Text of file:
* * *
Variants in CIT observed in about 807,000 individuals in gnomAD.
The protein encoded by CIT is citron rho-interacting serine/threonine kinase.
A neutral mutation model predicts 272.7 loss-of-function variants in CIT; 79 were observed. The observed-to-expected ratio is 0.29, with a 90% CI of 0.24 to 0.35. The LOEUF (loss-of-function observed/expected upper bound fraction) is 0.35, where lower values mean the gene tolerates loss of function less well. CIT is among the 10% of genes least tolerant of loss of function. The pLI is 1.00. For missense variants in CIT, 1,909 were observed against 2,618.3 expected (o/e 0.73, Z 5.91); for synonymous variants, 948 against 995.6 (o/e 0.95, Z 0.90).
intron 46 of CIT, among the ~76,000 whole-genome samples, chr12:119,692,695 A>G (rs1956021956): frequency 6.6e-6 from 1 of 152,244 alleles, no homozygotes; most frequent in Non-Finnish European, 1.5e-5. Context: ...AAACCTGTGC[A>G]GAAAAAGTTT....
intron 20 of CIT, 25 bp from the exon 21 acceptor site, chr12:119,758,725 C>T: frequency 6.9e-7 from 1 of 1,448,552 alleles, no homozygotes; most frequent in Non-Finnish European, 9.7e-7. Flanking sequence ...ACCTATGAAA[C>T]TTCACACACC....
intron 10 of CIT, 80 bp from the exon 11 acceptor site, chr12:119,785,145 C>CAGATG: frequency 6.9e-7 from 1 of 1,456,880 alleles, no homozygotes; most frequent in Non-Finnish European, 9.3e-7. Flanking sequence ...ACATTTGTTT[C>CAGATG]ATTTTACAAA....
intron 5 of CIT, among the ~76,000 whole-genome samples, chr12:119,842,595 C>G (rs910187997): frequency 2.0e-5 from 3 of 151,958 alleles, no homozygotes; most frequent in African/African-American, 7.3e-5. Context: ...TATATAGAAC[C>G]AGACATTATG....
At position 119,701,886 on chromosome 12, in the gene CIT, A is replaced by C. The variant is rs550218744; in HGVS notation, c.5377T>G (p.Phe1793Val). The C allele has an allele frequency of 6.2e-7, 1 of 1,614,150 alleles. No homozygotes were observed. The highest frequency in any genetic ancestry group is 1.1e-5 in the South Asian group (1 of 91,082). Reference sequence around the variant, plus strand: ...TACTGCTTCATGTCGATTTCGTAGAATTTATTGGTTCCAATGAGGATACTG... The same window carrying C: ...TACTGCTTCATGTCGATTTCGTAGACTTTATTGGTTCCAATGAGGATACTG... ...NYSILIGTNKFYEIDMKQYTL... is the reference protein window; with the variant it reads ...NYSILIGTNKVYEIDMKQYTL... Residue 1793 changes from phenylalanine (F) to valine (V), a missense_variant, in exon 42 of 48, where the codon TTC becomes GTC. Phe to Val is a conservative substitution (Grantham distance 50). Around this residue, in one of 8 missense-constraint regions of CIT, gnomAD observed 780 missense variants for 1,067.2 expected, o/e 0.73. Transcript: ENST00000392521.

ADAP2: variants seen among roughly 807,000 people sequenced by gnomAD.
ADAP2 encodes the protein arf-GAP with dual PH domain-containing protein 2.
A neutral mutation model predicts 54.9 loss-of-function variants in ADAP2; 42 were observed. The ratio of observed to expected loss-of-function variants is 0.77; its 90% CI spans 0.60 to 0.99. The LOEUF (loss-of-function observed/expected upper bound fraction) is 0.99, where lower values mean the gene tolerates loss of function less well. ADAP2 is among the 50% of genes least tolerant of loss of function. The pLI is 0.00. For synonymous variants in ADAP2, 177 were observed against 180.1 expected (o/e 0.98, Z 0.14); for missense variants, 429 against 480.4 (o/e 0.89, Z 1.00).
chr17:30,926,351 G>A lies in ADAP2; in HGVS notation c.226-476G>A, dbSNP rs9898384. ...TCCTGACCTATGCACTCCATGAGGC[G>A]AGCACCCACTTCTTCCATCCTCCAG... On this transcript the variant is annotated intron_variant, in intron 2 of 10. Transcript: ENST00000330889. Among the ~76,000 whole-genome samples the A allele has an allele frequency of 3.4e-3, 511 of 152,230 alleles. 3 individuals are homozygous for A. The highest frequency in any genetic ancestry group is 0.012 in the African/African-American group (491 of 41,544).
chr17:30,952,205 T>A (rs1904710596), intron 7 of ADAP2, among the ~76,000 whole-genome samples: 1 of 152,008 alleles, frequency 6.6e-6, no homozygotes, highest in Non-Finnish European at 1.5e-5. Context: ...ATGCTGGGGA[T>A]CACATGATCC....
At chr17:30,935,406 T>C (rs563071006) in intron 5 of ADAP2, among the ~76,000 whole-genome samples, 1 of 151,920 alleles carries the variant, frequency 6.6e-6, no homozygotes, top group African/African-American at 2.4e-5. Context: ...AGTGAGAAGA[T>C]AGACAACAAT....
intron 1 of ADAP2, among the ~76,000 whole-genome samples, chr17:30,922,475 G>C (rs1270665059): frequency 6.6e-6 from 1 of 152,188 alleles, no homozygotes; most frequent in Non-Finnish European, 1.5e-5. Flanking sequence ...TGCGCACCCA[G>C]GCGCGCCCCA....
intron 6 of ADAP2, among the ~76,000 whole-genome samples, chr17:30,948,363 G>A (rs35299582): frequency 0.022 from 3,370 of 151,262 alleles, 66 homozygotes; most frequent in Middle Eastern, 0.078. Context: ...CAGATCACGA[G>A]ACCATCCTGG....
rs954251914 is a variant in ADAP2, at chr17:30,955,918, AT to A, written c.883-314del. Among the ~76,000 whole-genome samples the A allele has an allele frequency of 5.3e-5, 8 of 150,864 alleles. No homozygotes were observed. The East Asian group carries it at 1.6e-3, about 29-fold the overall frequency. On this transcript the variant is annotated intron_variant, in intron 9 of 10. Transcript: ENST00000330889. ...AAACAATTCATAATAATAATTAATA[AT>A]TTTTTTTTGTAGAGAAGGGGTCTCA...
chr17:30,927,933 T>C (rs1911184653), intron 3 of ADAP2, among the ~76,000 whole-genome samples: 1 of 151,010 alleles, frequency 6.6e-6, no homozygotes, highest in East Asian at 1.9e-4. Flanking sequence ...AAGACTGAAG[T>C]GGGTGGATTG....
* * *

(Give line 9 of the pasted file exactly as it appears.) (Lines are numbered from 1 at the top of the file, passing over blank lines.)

ADAP2: variants seen among roughly 807,000 people sequenced by gnomAD.